- Paperback: 528 pages
- Publisher: Wiley-Interscience; 2nd edition (September 14, 2005)
- Language: English
- ISBN-10: 047176986X
- ISBN-13: 978-0471769866
- Product Dimensions: 6 x 1 x 10.3 inches
- Shipping Weight: 1.9 pounds (View shipping rates and policies)
- Average Customer Review: 3 customer reviews
- Amazon Best Sellers Rank: #538,870 in Books (See Top 100 in Books)
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Markov Processes: Characterization and Convergence 2nd Edition
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From the Publisher
A graduate text/reference on Markov Processes and their relationship to operator semigroups. Presents several different approaches to proving weak approximation theorems for Markov processes, emphasizing the interplay of methods of characterization and approximation. Martingale problems for general Markov processes are systematically developed for the first time in book form. --This text refers to an out of print or unavailable edition of this title.
From the Inside Flap
The recognition that each method for verifying weak convergence is closely tied to a method for characterizing the limiting process Sparked this broad study of characterization and convergence problems for Markov processes. A number of topics are presented for the first time in book form, such as Martingale problems for general Markov processes, powerful criteria for convergence in distribution in DE[O, ???), multiple random time transformations, duality as a method of characterizing Markov processes, and characterizations of stationary distributions. The authors illustrate several different approaches to proving weak approximation theorems-- operator semigroup convergence theorems, Martingale characterization of Markov processes, and representation of the processes as solutions of stochastic equations. The heart of the book reveals the main characterization and convergence results, with an emphasis on diffusion processes. Applications to branching and population processes, genetic models, and random evolutions, are given. Useful to the professional as a reference, suitable for the graduate student as a text, this volume features a table of the interdependencies among the theorems, an extensive bibliography, and end-of-chapter problems.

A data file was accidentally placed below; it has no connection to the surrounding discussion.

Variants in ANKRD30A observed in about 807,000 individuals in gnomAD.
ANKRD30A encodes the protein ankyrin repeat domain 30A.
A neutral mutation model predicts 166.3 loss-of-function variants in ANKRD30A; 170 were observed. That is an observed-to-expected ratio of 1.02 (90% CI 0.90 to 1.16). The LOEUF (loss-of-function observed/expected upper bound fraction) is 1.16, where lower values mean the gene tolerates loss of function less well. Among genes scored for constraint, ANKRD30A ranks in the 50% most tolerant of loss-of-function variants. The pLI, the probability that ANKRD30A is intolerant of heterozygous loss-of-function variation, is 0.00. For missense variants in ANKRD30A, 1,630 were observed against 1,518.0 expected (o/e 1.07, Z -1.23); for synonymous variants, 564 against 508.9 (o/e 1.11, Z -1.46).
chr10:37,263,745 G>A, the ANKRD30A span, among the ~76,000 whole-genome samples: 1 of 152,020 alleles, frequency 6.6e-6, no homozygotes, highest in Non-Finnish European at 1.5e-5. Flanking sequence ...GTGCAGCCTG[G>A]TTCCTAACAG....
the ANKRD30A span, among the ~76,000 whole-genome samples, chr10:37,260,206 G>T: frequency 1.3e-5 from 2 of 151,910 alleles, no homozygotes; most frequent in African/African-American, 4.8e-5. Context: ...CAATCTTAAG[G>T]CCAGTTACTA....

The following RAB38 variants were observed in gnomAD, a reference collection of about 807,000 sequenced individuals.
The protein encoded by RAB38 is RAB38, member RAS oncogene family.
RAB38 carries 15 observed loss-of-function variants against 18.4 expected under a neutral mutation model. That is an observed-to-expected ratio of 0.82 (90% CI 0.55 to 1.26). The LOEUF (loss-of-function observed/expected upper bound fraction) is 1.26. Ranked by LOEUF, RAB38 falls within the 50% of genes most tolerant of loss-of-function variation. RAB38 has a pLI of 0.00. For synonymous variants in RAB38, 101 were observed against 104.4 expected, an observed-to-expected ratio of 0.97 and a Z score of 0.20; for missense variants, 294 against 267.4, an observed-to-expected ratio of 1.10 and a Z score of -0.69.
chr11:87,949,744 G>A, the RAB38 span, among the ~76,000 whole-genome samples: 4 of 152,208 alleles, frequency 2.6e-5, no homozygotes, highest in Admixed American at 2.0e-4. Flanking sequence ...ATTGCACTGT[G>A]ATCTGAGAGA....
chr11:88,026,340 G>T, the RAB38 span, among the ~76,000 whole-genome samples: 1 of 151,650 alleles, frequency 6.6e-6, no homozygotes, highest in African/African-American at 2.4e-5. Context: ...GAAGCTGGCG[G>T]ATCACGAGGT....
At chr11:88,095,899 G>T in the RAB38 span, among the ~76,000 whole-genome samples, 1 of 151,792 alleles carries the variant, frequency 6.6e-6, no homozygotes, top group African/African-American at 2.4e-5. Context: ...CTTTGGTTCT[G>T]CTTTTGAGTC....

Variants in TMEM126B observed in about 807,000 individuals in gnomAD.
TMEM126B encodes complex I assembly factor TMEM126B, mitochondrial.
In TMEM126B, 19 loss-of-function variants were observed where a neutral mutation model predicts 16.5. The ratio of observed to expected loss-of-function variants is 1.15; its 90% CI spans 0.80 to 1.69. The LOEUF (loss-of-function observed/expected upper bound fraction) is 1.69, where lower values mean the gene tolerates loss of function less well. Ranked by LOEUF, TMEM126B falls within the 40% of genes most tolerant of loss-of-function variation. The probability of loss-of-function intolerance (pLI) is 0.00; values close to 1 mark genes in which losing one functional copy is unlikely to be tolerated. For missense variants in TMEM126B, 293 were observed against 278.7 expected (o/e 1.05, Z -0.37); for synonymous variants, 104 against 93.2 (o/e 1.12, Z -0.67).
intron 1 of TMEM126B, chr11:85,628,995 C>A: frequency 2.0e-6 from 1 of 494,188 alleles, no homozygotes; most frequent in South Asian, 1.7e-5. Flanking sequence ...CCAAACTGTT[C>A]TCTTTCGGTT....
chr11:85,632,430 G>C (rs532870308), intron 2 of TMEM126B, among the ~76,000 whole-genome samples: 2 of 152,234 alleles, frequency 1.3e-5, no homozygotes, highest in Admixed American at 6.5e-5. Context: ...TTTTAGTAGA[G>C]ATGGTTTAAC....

Top customer reviews
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The book is reasonably self-contained, although the reader is well-advised to prepare herself with an understanding of analysis and measure theory. I recommend Rudin's Real and Complex Analysis. The authors provide an appendix which catalogues the measure-theory results they require.
The introduction to the book might be a little off-putting, particularly to readers who aren't familiar with the topic. The first-time reader should skip the introduction and head straight to Chapter 1. Once you've completed the book, the Introduction makes a wonderful synopsis.
Chapter 1 focuses on operator semigroups and builds the foundations required for the remainder of the text. The Hille-Yosida Theorem characterizing those linear operators which can be generators of 'good' semigroups is studied in depth. Generalizations of Hille-Yosida are discussed, and special attention is given to operators on function spaces.